In the years since 9/11, there have been ongoing efforts to improve U.S. security and make the visa processing system more efficient. Several government agencies have teamed up to create new all-encompassing databases–and have been engaging in a continuous review of immigration and visa issuing practices. Along with new requirements in the system, such as interviews and other security checks, these things have caused ever-increasing delays in visa processing and issuing. Though apparently unexpected, this result is not surprising. However, one issue in all of this stands out as having the potential to cause much unforeseen and bewildering difficulty: the Technology Alert List (TAL) and export control.
The TAL has historically been a way for the U.S. to keep track of technologies developed within its borders that could be (violently) used against it–and to prevent them from falling into the wrong hands. The current TAL is in fact two lists in one: one is the list of “state sponsors of terrorism,” and the other is the Critical Fields List (CFL). The CFL is an extensive set of fields of study and industry, each capable of producing what are known as “dual-use” technologies. The first use of a dual-use technology is for standard economic purposes, and the second is for war. The CFL consists of
At this point, the reader may be wondering how this can cause issues with visa processing. Considered alone, the CFL’s connection to it is unclear. Export Control is the missing link in all of this. Products developed in the U.S., while sometimes not government property, always fall under its commerce authority. The government regulates them, and this regulation includes deciding whether foreign workers can come into its borders to work with these products.
When a foreign national (FN) starts the process of obtaining a non-immigrant visa at a U.S. Consulate or Embassy, the officers have the ability to check to see if the applicant’s U.S. employment plans involve anything that might be dual-use. This is because they have the duty to check for legal inadmissibility to the U.S., and grounds for inadmissibility include an FN’s attempting “to violate or evade any law prohibiting the export from the United States of goods, technology, or sensitive information.” This clearly includes the CFL. So, if the FN’s plans in the United States involve something on the CFL, consular officers will undergo their procedure for when an FN is suspected of being inadmissible. This procedure is to create a Security Advisory Opinion (SAO).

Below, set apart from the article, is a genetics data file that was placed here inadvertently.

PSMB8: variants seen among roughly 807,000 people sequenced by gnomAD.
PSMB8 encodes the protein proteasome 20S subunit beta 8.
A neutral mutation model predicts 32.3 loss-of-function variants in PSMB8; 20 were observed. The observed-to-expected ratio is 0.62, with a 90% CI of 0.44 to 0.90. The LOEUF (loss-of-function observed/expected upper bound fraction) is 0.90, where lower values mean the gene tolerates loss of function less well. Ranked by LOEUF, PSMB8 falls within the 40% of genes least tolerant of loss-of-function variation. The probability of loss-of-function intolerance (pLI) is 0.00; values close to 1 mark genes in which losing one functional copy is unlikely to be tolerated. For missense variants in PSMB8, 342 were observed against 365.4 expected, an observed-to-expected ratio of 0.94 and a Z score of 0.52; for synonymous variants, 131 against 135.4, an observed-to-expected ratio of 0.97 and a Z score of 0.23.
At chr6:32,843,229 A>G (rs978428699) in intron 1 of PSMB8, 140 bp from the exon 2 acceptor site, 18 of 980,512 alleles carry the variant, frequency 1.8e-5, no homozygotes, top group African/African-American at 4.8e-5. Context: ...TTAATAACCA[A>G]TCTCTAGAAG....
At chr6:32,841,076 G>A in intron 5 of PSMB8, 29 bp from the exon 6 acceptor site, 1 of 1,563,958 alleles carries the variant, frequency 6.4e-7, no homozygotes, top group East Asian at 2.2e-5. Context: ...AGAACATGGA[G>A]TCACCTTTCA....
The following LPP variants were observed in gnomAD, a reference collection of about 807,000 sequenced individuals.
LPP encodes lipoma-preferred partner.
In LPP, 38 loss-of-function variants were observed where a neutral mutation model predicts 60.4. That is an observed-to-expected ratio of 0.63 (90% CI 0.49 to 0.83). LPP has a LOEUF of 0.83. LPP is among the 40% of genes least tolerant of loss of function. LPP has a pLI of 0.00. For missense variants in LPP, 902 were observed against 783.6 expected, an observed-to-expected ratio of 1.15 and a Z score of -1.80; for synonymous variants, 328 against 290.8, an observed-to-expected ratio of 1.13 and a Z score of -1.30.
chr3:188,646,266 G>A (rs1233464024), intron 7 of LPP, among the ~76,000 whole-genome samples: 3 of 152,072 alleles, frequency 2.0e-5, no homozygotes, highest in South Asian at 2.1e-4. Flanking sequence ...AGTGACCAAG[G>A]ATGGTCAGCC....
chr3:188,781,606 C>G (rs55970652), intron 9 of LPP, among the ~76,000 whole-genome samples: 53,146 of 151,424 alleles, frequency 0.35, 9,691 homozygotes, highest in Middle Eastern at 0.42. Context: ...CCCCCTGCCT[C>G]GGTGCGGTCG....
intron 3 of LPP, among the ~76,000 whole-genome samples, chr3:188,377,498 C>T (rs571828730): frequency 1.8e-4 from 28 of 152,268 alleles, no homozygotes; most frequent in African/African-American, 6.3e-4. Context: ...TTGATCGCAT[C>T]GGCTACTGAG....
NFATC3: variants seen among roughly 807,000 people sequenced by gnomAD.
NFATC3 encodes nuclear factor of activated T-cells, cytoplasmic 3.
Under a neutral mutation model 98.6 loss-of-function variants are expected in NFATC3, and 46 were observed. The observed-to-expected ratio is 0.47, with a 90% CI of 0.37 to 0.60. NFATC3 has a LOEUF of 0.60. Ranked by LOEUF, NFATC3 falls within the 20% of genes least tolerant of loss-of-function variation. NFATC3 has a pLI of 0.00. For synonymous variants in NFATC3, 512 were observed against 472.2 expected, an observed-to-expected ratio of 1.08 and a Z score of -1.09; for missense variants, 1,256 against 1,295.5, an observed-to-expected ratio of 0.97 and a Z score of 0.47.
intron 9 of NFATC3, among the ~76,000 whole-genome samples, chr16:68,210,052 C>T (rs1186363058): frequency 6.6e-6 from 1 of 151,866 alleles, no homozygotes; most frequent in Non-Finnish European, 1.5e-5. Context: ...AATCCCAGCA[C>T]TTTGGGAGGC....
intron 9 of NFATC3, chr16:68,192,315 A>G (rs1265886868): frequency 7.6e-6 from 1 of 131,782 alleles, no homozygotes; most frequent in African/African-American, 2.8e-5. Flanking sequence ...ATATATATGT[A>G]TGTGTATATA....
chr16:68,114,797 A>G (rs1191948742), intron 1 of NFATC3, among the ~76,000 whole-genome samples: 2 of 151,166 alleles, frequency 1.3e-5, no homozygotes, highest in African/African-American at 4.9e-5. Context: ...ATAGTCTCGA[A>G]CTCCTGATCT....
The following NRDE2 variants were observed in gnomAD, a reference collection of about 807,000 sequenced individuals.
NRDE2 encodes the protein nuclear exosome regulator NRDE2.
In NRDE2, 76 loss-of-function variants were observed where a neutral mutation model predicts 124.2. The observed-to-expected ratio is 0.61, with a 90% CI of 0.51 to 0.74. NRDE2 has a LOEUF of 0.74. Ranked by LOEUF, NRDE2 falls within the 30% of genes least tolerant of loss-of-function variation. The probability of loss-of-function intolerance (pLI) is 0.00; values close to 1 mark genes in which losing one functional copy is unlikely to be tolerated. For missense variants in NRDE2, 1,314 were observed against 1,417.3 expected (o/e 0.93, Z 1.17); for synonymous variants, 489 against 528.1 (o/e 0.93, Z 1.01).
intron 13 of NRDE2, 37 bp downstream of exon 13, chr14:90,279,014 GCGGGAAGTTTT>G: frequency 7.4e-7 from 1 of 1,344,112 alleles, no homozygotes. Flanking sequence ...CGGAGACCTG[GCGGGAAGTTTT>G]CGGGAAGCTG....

In theory, this is only done when necessary. In practice, their policy is to always initiate an SAO unless the consular officers are 100% sure that the immigrant’s plans in the U.S. aren’t CFL related. If there is one created, the processing time for a temporary worker visa normally increases by at least 3-6 months, if the case isn’t outright denied. Further, when the delay is due to an SAO, there is almost no way to tell. The only thing one can do about this is to take steps to avoid an SAO in the first place.
The first step is to know whether a non-immigrant’s work in the U.S. could be construed as CFL related. A good way to evaluate this is to do the same thing as consular officers: just assume that it is (CFL related) unless there is a 100% chance that it is not. If it is, then the employer is advised to submit a report of technologies that the FN will be working with to the Department of Commerce, asking if they have dual-use purposes. (Not all things in the CFL are dual-use, after all.) Hopefully the answer is no, but if the answer is yes, options dwindle–but aren’t exhausted yet.
If an FN with a pending visa has a CFL dual-use issue, additional evidence may be required to swing the case in his or her favor. It is advised to gather as much detail as possible on what the FN will be doing and to find U.S. sources to back this up as industry standard. This information could be brought to a visa interview and/or be included in the petition. Also, it would be very helpful to show that the dual-use aspects of the technologies the FN will be working with are already public information or able to be found in an academic course. If this is possible, then it can be shown that giving the FN trouble over CFL issues won’t do the U.S. any good.